Local News

It's a Bird! It's a Plane! Or Is It the Skyway Patrol?

Posted July 25, 1998 7:00 a.m. EDT

— Forget about checking behind roadside billboards and buying a fuzz buster. The North Carolina Highway Patrol may take to the sky to keep an eye on our roadways.

The General Assembly is considering repealing a 35-year-old law prohibiting the patrol from using aircraft to look for speeders and other law breakers.

In 1963, legislators revolted against ``eyes in the sky'' and blocked the Highway Patrol from having aircraft look for speeders or other lawbreakers.

Now, in an age of TV helicopters and security cameras, the question is no longer whether someone is watching.

Legislators favor a crackdown on aggressive drivers because some have come to fear their highway trips between Raleigh and their home districts, said Joe Stewart of the state Department of Crime Control and Public Safety.

``They say they always feel as though they're the slowest on the road, as if they're being targeted,'' Stewart said.

The change is part of the Legislature's annual adjustment to the state budget; the provision passed the House and Senate and is now under final consideration along with the rest of the spending bill.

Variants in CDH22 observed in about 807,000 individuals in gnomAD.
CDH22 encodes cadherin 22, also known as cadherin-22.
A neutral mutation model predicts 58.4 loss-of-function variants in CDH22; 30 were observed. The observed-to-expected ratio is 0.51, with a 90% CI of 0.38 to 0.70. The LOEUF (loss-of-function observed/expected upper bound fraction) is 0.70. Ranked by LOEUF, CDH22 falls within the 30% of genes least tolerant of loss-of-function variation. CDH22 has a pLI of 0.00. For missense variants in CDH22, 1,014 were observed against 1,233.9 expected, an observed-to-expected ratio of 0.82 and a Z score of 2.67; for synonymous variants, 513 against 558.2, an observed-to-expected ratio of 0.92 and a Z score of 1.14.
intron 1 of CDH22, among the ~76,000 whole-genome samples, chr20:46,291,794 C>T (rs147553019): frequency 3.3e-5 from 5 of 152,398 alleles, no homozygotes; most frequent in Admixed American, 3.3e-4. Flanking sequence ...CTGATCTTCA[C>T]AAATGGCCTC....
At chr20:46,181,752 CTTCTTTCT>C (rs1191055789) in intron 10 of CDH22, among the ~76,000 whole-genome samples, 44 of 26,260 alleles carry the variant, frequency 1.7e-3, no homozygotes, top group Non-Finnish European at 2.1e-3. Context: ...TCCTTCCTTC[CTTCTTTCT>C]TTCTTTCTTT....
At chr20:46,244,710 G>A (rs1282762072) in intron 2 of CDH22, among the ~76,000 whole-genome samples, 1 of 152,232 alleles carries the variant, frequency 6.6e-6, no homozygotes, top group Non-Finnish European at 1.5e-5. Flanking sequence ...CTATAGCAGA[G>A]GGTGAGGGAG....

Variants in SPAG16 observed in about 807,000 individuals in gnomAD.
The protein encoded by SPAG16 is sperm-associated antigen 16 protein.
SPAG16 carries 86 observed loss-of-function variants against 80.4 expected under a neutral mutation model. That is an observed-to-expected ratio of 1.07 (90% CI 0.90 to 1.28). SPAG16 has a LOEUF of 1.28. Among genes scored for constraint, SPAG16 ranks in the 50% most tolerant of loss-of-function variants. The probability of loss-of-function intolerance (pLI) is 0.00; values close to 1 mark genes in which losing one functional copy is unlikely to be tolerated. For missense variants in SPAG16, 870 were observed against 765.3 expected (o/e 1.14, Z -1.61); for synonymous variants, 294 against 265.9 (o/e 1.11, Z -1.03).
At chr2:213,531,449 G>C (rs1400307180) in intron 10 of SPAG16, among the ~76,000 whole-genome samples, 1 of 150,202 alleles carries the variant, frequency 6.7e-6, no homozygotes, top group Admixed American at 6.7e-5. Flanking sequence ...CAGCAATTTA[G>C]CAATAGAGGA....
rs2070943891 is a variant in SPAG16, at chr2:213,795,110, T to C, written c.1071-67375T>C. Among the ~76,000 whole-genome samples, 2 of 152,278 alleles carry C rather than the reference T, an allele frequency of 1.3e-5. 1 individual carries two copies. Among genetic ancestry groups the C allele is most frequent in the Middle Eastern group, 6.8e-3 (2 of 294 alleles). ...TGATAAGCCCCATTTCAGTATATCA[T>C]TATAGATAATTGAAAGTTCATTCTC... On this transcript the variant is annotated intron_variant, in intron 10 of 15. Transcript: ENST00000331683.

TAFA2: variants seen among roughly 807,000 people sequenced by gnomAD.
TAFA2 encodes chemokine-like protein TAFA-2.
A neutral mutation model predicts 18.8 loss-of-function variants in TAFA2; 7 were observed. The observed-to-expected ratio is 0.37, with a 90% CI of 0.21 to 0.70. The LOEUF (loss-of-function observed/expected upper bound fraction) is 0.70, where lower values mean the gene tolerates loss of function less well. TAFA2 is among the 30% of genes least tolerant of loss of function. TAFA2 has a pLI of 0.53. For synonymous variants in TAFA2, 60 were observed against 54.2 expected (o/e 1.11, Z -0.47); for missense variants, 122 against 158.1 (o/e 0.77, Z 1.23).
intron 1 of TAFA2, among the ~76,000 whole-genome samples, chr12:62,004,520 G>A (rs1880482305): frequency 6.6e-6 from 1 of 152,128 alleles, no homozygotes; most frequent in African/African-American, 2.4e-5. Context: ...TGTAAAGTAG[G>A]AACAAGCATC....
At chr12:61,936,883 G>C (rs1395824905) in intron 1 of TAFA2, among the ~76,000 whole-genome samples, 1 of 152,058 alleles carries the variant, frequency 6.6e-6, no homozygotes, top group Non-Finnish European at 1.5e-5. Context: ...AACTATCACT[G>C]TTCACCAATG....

About $270,000 dollars included would pay for flying the helicopters, for troopers' overtime and for unmarked vehicles.

The plan is to have an unmarked car, a marked car and sometimes a helicopter work together. The unmarked car would drive in regular rush-hour or construction zone traffic, looking for reckless drivers who are weaving, tailgating, and cutting off others in traffic.

The trooper in the unmarked car would radio to a nearby uniformed trooper to stop the car.

The Highway Patrol's 11 helicopters would hover over areas with high accident rates to spot and track aggressive drivers.

Public-safety officials say the roads are crowded as more drivers are driving more miles than ever before.

Drivers covered 36 billion miles on state roads in 1974 and more than twice that, 78 billion miles, in 1996, based on fuel-tax calculations.

There are more registered vehicles on the road, with 4.1 million in 1974 and 6.5 million in 1996.

At the same time, the state has not significantly increased its miles of road, with 75,000 miles in 1974 and 77,000 miles in 1996.